[Viewpoint]Presidents and the press

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[Viewpoint]Presidents and the press

The next president of the Republic of Korea will be elected on Wednesday. Immediately after that, the president-elect will form and lead a transition committee. The committee will take over various pending issues and countless national secrets from the current administration.
Based on this information and his campaign promises, the president-elect will adjust policy planning for the next five years from Feb. 25, 2008, and reshuffle the government. He will also decide whom to choose for prime minister and other cabinet posts for his administration.
The president-elect will need to immediately start deliberating the key pending issues that will determine the destiny of the nation. He will inevitably agonize over the national debt, household debt and the gap between rich and poor, which are all at historical highs.
The financial difficulties facing domestic banks and corporations due to strains in the international financial market will surely pressure the president-elect.
Other major issues include the college admission system, which has been causing social discord, and rapidly rising youth unemployment.
Moreover, the trouble associated with North Korea’s nuclear program is another matter the president-elect needs to pay special attention to. Pyongyang must faithfully report all nuclear programs by the end of the year in accordance with the six-party talks agreement from Feb. 13, but the North is reportedly refusing to follow the agreement.
The president-elect also cannot neglect the reorganization of the press rooms, which has caused a serious rift between the Roh Administration and reporters. The press room issue is a matter directly related to the freedom of speech and citizens’ right to know.
The correspondents accredited to the Ministry of National Defense have been staging a candlelight sit-in since the night of Dec. 15. The reporters accredited to the National Police Agency began protesting even earlier, but they were driven out of their press room as well.
The reporters accredited to the Ministry of Foreign Affairs and Trade, the Ministry of Unification, the Ministry of Education and the Ministry of Finance and Economy have already been kicked out of their press rooms and are writing and sending articles in coffee shops and from Internet cafes.
Under the military regimes of the past, reporters accredited to the Ministry of National Defense were called “three-room reporters” because they had access to only three rooms in the ministry ― the press room, the public relations office and the restroom.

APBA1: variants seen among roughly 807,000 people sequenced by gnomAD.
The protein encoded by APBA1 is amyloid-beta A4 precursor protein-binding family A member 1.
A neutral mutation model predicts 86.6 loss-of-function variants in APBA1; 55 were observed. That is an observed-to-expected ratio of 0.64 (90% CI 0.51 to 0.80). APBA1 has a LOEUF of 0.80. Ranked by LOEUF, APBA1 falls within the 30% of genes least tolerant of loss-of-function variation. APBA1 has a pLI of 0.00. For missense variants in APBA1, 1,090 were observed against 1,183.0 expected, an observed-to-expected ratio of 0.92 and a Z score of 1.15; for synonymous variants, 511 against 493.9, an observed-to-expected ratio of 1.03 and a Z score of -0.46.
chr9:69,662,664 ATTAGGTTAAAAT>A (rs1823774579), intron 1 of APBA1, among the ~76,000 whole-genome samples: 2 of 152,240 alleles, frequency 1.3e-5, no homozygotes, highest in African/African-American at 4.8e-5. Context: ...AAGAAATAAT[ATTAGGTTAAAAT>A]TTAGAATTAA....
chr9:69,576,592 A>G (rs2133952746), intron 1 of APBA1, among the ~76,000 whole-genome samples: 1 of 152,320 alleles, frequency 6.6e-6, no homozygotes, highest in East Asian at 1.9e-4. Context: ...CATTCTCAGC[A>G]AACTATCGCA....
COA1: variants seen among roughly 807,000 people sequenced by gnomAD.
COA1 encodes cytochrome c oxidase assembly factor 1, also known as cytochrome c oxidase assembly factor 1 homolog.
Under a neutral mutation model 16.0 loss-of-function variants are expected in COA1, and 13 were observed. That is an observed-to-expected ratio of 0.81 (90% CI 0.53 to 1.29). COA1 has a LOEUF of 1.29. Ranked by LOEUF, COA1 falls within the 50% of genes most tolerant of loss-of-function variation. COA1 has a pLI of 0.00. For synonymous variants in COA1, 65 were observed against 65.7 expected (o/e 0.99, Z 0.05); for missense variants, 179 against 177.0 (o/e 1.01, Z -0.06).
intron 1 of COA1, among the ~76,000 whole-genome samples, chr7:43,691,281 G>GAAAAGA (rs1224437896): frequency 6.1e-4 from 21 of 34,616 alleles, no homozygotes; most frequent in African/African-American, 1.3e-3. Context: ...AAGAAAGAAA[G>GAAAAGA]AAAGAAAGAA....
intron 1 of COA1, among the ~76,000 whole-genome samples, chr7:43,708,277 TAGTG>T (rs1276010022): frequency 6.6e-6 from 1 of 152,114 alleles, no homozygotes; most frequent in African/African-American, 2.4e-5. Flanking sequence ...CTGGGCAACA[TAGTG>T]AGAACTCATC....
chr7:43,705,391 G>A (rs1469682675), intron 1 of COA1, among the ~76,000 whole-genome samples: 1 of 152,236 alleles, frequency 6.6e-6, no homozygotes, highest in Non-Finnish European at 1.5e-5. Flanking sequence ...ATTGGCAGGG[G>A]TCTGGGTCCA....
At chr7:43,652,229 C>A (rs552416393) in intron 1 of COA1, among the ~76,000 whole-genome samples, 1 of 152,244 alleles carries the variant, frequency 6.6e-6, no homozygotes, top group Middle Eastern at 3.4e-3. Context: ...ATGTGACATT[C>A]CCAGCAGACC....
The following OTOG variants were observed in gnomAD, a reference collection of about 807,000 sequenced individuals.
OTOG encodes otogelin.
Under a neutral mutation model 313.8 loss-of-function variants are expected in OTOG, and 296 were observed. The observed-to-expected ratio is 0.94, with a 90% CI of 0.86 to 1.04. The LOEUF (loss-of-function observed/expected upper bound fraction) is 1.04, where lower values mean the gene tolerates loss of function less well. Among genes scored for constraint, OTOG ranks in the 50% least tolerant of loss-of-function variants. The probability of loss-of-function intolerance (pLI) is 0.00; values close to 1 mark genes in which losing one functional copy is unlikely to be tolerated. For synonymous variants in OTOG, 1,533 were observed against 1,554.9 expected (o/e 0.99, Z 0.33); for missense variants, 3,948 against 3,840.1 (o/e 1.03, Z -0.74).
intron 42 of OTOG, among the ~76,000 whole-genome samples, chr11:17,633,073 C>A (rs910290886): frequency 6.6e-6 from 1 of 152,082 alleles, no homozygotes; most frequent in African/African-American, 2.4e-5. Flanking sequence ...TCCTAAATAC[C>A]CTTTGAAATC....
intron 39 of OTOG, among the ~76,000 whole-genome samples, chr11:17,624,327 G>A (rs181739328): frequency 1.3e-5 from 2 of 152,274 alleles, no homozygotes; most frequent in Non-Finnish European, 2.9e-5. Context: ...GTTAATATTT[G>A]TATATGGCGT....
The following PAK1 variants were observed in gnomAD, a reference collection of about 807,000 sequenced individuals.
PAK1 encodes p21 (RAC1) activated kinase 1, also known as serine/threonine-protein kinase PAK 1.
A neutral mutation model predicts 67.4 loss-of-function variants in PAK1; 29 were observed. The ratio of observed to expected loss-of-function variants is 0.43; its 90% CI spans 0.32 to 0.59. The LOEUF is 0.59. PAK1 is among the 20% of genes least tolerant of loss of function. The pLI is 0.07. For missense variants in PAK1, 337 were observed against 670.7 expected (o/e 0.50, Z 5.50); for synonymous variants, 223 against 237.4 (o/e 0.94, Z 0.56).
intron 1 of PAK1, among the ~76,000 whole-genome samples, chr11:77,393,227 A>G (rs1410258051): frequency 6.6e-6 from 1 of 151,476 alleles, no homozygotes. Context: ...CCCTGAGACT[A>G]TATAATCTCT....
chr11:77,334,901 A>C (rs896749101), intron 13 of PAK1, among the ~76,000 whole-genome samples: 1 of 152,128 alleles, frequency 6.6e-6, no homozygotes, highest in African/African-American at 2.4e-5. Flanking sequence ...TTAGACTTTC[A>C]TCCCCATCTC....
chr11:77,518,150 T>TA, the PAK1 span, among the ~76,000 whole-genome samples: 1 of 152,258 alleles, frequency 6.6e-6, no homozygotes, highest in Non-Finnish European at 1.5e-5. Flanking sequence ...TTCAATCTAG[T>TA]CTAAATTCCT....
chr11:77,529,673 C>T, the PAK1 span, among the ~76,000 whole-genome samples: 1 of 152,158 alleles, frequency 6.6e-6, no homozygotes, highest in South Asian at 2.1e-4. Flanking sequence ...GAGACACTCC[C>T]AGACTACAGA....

Interviews with the defense ministry and Joint Chiefs of Staff insiders were strictly restricted.
Naturally, the citizens’ right to know about national defense was seriously infringed upon.
Major presidential candidates unanimously criticize the press room reorganization carried out by the Roh Administration, which claims to be improving reporters’ government coverage.
Grand National Party candidate Lee Myung-bak firmly said that closing press rooms is an irrational measure and if he is elected, he would altogether reconsider the reorganization. United New Democratic Party’s Chung Dong-young promised that he would expand reporters’ access. Independent candidate Lee Hoi-chang said he would create a smooth environment for reporters in the near future.
The press rooms that have been shut down by President Roh will not be restored even after the presidential election. Roh is likely to turn down the president-elect if he suggests restoring press rooms while Roh is still in office.
The president-elect should pay attention to the protests of reporters driven out to the streets by the Roh Administration.
To reporters, the press room is not a space but a tool.
A reporter accredited to the Ministry of Unification called for restoration of the press room, saying, “If we go to the integrated briefing room as the government demands, we will have drastically reduced contact with government officials and have to depend on press releases drafted to suit the government’s taste.”
The president-elect should resolve the issue before he is tempted to control information and become a target of media criticism.
I hope that the presidential candidates keep in mind a lesson from history. The more you attempt to control information, the more distant public sentiment becomes.

*The writer is a deputy political news editor of the JoongAng Ilbo.

by Lee Chul-hee
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